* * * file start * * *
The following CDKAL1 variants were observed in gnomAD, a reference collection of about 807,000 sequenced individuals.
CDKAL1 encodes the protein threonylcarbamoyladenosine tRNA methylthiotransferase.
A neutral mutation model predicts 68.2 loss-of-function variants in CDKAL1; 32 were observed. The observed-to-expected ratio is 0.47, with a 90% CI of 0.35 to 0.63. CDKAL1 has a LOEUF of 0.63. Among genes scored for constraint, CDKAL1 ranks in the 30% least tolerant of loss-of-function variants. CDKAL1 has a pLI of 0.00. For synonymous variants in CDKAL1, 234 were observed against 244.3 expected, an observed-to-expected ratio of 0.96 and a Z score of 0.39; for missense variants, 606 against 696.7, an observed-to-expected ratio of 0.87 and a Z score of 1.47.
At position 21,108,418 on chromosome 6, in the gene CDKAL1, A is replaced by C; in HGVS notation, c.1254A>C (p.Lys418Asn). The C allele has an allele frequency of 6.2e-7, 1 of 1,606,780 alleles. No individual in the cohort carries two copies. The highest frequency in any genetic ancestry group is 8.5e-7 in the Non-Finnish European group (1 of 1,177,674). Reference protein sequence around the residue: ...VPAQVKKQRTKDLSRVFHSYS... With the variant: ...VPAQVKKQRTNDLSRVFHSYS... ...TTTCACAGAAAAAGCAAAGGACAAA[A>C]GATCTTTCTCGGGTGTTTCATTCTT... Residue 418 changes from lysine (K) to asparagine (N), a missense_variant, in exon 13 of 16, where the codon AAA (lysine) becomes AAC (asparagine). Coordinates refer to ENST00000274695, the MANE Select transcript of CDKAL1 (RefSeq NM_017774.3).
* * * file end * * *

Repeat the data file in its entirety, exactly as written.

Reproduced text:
The following CDKAL1 variants were observed in gnomAD, a reference collection of about 807,000 sequenced individuals.
CDKAL1 encodes the protein threonylcarbamoyladenosine tRNA methylthiotransferase.
A neutral mutation model predicts 68.2 loss-of-function variants in CDKAL1; 32 were observed. The observed-to-expected ratio is 0.47, with a 90% CI of 0.35 to 0.63. CDKAL1 has a LOEUF of 0.63. Among genes scored for constraint, CDKAL1 ranks in the 30% least tolerant of loss-of-function variants. CDKAL1 has a pLI of 0.00. For synonymous variants in CDKAL1, 234 were observed against 244.3 expected, an observed-to-expected ratio of 0.96 and a Z score of 0.39; for missense variants, 606 against 696.7, an observed-to-expected ratio of 0.87 and a Z score of 1.47.
At position 21,108,418 on chromosome 6, in the gene CDKAL1, A is replaced by C; in HGVS notation, c.1254A>C (p.Lys418Asn). The C allele has an allele frequency of 6.2e-7, 1 of 1,606,780 alleles. No individual in the cohort carries two copies. The highest frequency in any genetic ancestry group is 8.5e-7 in the Non-Finnish European group (1 of 1,177,674). Reference protein sequence around the residue: ...VPAQVKKQRTKDLSRVFHSYS... With the variant: ...VPAQVKKQRTNDLSRVFHSYS... ...TTTCACAGAAAAAGCAAAGGACAAA[A>C]GATCTTTCTCGGGTGTTTCATTCTT... Residue 418 changes from lysine (K) to asparagine (N), a missense_variant, in exon 13 of 16, where the codon AAA (lysine) becomes AAC (asparagine). Coordinates refer to ENST00000274695, the MANE Select transcript of CDKAL1 (RefSeq NM_017774.3).